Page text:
Running for the over 40's



If you are new to running, start with a program of walk/run. You want to get your body used to stress and load gradually. This will be the same even if you have had a long break from running. The programs couch potato to 5K are great because they increase steadily as you feel able. Older runners tend to have an increased rate of injury as there is a delay in the muscle repair following a run, thus recovery times are longer. Walking/Running is a great form of interval training and will reduce risk of such injury and help speed up your recovery time. When you feel ready, you can increase the length of the run and reduce the length of the walk. 


Not only does our soft tissues change as we get older, our organs undergo changes too. There is about a 30-40% decline per decade in the maximum amount of oxygen the body can take up in the over 40’s. You may not be able to run as fast or you may start finding it more difficult to keep up with tough sessions. Try setting some realistic goals based on your current ability and pace yourself. It is good to push through boundaries but listen to your body and know when to ease off.  



As we lose elasticity in our soft tissues, we become less flexible. As a result, more stress is put through the lower limb joints when running. Warming up and stretching before a session will aid the body into readiness for the run.  Cooling down and stretching after your session is a great way to reduce the risk of muscle tightness the following day.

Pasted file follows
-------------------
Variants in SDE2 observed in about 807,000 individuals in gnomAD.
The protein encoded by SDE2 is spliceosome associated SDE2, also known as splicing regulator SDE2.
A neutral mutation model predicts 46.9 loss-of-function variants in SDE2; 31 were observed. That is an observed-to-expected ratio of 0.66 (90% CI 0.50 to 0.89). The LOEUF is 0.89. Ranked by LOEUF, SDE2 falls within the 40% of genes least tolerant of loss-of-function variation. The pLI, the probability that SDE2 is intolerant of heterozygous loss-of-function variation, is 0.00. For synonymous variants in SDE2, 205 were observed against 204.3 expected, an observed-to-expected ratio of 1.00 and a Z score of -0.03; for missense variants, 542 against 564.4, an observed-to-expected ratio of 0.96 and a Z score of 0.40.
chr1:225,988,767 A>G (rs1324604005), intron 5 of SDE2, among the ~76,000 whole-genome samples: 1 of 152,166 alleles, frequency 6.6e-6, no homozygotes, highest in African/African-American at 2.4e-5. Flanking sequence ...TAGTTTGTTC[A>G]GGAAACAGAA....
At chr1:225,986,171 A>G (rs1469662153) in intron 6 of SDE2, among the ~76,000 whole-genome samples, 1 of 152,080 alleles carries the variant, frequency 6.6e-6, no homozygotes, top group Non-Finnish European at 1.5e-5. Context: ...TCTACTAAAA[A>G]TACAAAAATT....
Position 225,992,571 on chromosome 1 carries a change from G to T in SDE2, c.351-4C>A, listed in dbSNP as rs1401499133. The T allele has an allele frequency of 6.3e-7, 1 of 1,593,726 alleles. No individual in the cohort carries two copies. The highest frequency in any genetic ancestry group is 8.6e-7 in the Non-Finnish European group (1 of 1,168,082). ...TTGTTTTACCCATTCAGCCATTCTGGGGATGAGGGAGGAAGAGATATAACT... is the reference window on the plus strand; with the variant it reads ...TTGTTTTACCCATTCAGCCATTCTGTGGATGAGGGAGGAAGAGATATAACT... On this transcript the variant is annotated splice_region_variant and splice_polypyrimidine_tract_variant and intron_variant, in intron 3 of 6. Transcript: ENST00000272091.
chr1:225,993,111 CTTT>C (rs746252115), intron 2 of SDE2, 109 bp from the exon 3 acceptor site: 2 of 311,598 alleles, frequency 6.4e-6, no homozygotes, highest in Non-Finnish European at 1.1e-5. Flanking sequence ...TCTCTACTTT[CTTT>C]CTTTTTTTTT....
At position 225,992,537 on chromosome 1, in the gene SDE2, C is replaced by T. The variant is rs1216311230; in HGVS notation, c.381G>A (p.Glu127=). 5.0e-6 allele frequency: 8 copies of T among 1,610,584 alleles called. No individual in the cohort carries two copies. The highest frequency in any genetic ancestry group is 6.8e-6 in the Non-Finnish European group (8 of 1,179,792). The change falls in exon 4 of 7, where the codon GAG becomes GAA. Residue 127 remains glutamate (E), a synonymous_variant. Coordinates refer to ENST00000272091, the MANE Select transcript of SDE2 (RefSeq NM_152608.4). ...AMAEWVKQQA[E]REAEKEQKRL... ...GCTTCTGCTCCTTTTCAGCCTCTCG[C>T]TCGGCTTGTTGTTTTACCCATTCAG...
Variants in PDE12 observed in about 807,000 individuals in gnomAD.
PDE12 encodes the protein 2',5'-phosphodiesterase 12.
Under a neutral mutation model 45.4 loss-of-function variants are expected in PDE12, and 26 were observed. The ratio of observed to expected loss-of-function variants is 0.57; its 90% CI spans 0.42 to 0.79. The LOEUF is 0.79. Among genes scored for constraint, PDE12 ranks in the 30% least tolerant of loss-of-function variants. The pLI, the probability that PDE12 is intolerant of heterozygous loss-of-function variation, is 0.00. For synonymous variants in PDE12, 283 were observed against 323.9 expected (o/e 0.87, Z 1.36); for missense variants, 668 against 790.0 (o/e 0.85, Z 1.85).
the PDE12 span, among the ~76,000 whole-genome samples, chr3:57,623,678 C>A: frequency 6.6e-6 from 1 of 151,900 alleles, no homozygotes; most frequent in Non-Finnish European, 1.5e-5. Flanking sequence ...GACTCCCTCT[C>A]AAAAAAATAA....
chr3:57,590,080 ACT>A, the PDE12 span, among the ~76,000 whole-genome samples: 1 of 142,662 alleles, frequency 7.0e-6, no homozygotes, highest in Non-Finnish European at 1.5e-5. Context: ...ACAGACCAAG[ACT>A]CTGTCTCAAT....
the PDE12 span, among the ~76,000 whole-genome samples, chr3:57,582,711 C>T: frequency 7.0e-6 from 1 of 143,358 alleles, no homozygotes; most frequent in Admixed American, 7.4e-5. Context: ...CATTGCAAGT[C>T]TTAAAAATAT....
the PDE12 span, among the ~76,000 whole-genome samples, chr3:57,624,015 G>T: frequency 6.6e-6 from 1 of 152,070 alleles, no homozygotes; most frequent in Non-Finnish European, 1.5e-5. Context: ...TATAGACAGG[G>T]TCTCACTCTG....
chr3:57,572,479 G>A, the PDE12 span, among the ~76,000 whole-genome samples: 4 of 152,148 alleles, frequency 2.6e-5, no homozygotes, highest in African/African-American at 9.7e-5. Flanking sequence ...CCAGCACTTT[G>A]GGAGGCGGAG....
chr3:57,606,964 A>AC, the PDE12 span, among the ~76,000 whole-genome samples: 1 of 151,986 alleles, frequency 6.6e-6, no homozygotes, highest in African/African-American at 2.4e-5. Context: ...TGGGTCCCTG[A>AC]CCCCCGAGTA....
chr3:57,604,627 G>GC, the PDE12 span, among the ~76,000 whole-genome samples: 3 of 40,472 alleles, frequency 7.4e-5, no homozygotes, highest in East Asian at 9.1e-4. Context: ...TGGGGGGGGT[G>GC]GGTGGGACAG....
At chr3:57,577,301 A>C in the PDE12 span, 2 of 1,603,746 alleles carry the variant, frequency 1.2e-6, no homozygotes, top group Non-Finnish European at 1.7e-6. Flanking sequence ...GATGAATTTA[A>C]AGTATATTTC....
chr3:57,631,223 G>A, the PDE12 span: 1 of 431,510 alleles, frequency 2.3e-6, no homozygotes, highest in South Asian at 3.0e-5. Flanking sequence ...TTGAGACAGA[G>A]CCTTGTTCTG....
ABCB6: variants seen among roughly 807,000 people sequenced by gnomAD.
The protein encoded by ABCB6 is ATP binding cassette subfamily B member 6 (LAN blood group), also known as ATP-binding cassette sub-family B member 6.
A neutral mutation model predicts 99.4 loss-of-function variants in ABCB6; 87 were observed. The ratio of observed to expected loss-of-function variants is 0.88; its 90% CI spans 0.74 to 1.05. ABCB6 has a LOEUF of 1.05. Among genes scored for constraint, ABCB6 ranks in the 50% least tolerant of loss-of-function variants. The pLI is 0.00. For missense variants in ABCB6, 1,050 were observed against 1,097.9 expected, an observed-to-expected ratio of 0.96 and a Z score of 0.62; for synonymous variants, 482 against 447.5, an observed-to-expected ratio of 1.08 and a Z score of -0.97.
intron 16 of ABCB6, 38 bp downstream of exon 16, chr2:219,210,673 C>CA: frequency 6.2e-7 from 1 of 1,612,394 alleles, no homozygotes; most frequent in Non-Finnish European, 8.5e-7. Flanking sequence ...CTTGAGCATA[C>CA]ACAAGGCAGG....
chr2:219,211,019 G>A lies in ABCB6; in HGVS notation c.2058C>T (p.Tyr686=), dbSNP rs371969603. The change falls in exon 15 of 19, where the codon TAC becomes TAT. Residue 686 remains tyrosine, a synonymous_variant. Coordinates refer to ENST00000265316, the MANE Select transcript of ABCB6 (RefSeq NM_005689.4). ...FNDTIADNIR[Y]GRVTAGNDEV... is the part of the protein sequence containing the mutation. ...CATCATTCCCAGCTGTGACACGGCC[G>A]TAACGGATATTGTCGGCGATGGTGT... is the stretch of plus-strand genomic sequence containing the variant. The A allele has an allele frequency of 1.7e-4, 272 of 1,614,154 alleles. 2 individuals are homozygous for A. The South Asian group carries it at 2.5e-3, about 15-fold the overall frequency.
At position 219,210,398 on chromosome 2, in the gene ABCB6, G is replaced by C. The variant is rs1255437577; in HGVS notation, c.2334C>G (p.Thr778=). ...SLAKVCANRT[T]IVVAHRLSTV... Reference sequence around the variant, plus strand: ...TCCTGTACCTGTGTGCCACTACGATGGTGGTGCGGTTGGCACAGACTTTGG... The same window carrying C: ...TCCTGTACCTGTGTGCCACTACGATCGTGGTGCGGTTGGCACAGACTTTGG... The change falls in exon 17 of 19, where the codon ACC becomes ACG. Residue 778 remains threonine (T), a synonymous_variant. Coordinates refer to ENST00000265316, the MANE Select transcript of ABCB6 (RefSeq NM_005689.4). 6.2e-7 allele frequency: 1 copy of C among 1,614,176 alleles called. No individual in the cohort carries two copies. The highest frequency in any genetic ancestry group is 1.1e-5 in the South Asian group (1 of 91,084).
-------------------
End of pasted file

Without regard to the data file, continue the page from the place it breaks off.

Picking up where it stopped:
Once running, as mentioned above, pace yourself during your runs. It might be worth incorporating other programs into your activities, such as strength training and flexibility programs. Little and often is the key. Maybe 10 minutes per day, focusing on specific exercises. Swimming, rowing, cycling, Pilates, yoga, weight training are all good ways to improve your overall body strength and fitness and will reduce your risk from repetitive loading while running.


Good nutrition is important for optimal function at any age, but as we pass 40, this becomes more important as our metabolism declines with age. Foods that are rich in both micro and macro nutrients will help fuel your runs. Fresh fruit and vegetables are rich in antioxidants. During and after your run, it is essential that take on board plenty of water.


Approximately 80% of runners injure themselves during the first year of running. These could be caused from accidents such at spraining your ankle, however most are due to overuse and repetitive strain.  Patellofemoral pain is a common problem as the iliotibial band becomes tight which causes the patella (kneecap) to move laterally.  Achilles tendinitis, plantar fasciitis and low back pain are to name a few. Try to address any bio-mechanical dysfunctions that cause excessive stress prior to beginning your program. If any niggles begin, don’t just leave them and hope for the best, they will only get worse as you increase your program.    


Age related changes can affect your running performance

Start slowly and increase steadily to minimise the risk of injury.  

Set realistic goals and listen to your body.

Tara Anson MCSP HCPC reg.